Stories from the Greek Comedians - Alfred J. Church

The Shipwreck

[From DIPHILUS. Translated by PLAUTUS.]

[Illustration] from Stories from Greek Comedians by Alfred J. Church


"That was a terrible storm we had last night, my man," said Dæmones to his slave Sceparnio.

"True, master," replied Sceparnio; "I never knew a worse. It has made more windows in the poor old cottage than the builder ever meant there to be."

"Yes, indeed," Dæmones went on. "And look at the roof! It has as many holes in it as a sieve."

Dæmones was a worthy Athenian who, though he had not a single vice, had contrived to ruin himself as effectually as if he had been the veriest spend-thrift in the city. Nobody was more generous, and nobody more unlucky. At last things came to such a pass that he was obliged to leave Athens, and settle down, with the few pounds that he had been able to save out of the wreck, on a little farm which a kinsman had left him near Cyrene. He was now ruefully contemplating the damage which had been done to the old farmhouse by the wind. Looking round he saw a handsomely dressed young man, who had come up unobserved. His name was Plesidippus, and he lived at Cyrene.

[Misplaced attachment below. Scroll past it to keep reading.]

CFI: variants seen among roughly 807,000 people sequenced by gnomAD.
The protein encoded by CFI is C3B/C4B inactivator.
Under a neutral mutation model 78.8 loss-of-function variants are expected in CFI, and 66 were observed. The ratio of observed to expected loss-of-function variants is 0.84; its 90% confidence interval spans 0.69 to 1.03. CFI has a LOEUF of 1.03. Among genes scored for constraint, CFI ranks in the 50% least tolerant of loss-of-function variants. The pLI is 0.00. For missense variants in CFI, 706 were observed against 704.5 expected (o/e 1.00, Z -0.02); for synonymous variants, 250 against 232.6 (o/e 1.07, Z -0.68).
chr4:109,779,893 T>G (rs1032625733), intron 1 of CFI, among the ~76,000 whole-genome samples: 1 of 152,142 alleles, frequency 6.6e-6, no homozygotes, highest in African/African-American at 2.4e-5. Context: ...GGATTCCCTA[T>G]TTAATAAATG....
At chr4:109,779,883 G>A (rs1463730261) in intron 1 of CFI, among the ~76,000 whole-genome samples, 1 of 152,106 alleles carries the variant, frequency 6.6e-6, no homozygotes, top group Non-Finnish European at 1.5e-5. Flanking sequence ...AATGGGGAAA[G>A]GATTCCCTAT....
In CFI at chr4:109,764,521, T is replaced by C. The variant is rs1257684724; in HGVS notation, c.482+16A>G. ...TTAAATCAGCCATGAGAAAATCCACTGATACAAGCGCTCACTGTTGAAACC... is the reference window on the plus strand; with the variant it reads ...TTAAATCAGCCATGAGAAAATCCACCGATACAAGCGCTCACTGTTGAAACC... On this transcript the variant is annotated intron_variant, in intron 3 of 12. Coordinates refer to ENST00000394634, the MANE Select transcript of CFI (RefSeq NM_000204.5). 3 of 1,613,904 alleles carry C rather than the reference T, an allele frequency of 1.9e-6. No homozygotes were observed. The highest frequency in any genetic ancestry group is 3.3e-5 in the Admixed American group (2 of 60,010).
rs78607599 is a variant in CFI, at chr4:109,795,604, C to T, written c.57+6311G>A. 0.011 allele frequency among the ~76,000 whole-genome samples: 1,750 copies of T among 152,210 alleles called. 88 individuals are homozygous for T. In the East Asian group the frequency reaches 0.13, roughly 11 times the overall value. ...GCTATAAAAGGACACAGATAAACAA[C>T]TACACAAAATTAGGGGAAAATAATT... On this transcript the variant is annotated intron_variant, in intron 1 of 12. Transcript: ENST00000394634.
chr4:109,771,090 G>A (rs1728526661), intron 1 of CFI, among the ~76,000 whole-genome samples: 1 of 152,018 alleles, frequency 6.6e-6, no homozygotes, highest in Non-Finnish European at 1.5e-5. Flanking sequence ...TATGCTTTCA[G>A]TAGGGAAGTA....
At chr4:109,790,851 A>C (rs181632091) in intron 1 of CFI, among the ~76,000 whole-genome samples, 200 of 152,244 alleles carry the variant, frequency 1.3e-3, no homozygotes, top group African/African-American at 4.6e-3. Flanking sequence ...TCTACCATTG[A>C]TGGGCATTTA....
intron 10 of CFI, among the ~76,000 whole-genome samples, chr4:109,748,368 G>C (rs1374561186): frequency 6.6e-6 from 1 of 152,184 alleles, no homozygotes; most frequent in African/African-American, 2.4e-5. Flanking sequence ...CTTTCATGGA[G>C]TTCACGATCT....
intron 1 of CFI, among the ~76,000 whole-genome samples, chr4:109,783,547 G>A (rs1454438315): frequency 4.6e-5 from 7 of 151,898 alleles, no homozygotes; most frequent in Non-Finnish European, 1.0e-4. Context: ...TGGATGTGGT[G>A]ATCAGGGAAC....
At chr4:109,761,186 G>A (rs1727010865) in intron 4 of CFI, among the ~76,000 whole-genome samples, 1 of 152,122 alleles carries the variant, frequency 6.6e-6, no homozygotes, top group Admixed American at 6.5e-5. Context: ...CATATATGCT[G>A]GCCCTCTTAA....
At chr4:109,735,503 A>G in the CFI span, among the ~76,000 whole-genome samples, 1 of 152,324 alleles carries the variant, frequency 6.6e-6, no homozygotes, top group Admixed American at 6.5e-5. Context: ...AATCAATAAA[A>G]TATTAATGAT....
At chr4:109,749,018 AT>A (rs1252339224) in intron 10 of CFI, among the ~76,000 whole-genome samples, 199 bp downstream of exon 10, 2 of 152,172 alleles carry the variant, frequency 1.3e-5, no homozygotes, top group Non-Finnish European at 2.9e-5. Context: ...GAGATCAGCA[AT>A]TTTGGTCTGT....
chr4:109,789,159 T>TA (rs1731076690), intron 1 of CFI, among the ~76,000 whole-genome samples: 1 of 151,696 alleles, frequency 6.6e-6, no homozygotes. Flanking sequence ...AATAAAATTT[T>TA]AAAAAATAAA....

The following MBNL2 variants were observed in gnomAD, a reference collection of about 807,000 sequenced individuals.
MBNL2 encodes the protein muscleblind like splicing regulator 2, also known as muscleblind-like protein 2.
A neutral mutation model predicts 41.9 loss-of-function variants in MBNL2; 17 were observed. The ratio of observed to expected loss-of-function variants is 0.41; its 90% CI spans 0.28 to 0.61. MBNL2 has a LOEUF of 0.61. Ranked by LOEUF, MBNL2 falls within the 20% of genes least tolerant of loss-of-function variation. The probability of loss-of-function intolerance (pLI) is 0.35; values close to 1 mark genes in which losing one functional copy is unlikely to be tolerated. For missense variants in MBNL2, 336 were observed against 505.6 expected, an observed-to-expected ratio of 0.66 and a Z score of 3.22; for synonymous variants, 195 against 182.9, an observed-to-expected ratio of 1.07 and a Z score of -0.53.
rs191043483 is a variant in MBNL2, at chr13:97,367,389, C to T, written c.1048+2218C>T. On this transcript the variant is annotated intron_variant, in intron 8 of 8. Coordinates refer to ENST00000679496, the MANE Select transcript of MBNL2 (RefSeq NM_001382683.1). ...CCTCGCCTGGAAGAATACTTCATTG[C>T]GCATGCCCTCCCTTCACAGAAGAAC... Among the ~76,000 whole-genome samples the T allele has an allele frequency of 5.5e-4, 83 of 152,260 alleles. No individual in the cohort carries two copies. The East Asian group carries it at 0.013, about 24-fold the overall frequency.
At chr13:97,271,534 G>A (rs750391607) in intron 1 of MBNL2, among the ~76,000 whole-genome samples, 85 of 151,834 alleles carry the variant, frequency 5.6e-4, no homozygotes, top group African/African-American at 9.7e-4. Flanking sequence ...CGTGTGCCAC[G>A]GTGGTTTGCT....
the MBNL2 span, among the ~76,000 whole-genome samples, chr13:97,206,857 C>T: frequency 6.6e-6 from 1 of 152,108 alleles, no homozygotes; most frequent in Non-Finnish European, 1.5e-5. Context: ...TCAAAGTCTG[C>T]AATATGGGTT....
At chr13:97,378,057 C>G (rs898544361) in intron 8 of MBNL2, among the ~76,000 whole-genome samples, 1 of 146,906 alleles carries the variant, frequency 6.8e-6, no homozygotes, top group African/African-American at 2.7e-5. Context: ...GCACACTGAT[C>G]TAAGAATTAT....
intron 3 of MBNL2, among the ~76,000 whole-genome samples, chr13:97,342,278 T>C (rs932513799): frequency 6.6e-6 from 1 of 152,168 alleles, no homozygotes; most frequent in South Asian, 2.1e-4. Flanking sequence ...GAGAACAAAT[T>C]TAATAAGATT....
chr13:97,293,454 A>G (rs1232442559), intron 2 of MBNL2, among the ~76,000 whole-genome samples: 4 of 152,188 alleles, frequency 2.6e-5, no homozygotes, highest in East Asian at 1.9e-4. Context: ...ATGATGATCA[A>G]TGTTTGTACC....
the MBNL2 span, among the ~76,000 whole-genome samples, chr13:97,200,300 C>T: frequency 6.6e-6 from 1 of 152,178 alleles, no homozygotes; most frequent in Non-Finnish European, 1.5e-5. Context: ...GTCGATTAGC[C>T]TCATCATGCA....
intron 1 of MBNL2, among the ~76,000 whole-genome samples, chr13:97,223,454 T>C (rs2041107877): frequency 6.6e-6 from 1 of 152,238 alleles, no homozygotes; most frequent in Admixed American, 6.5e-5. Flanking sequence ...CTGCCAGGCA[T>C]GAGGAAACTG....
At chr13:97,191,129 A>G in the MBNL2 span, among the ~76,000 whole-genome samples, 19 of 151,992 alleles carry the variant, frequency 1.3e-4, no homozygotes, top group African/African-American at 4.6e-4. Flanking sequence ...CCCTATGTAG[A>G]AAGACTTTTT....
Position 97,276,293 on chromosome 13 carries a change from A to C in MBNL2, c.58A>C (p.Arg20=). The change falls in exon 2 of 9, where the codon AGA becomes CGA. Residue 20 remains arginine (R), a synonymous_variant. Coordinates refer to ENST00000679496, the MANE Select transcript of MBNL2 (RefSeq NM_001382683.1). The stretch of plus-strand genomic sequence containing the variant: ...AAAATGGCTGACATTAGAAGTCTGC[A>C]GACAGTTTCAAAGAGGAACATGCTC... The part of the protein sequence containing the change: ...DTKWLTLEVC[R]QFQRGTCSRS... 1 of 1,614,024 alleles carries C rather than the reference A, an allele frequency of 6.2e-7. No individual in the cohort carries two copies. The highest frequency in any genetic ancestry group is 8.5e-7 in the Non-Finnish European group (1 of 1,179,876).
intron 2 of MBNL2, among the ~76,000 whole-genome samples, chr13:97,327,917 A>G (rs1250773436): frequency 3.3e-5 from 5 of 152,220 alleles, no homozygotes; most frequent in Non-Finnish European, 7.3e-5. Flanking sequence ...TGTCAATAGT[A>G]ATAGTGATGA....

"Good morning, father," said the stranger respectfully.—"Father!" muttered the old man to himself. It was a common mode of address from the young to their elders, but poor Dæmones could never hear it without emotion. It reminded him of what had been a far greater trouble than the loss of his fortune. He had been robbed years before of his only child, a sweet little girl of three years or so. She had wandered out alone one morning, while her maid was busy with some work, and had never been heard of again.

"Good morning, my son," he replied, recovering himself. "What can I do for you?"

Plesidippus.   "Have you seen a slave dealer, an old rascal with curly white hair?"

Dæmones.   "Old rascals I have seen in plenty, or else I should not be here."

Ples.   "He had two girls with him, and he was going to sacrifice in the temple of Aphrodite here. It was to have been to-day, or possibly it was yesterday, though I think not."

Dæm.   "There has been no one here on that errand; I am sure. The fact is, that no one comes to sacrifice without my knowing it. They are always wanting water, or fire, or dishes, or knives, or something. My things belong much more to the goddess than to me. No, my young friend, you may be sure that no one has been here for several days past."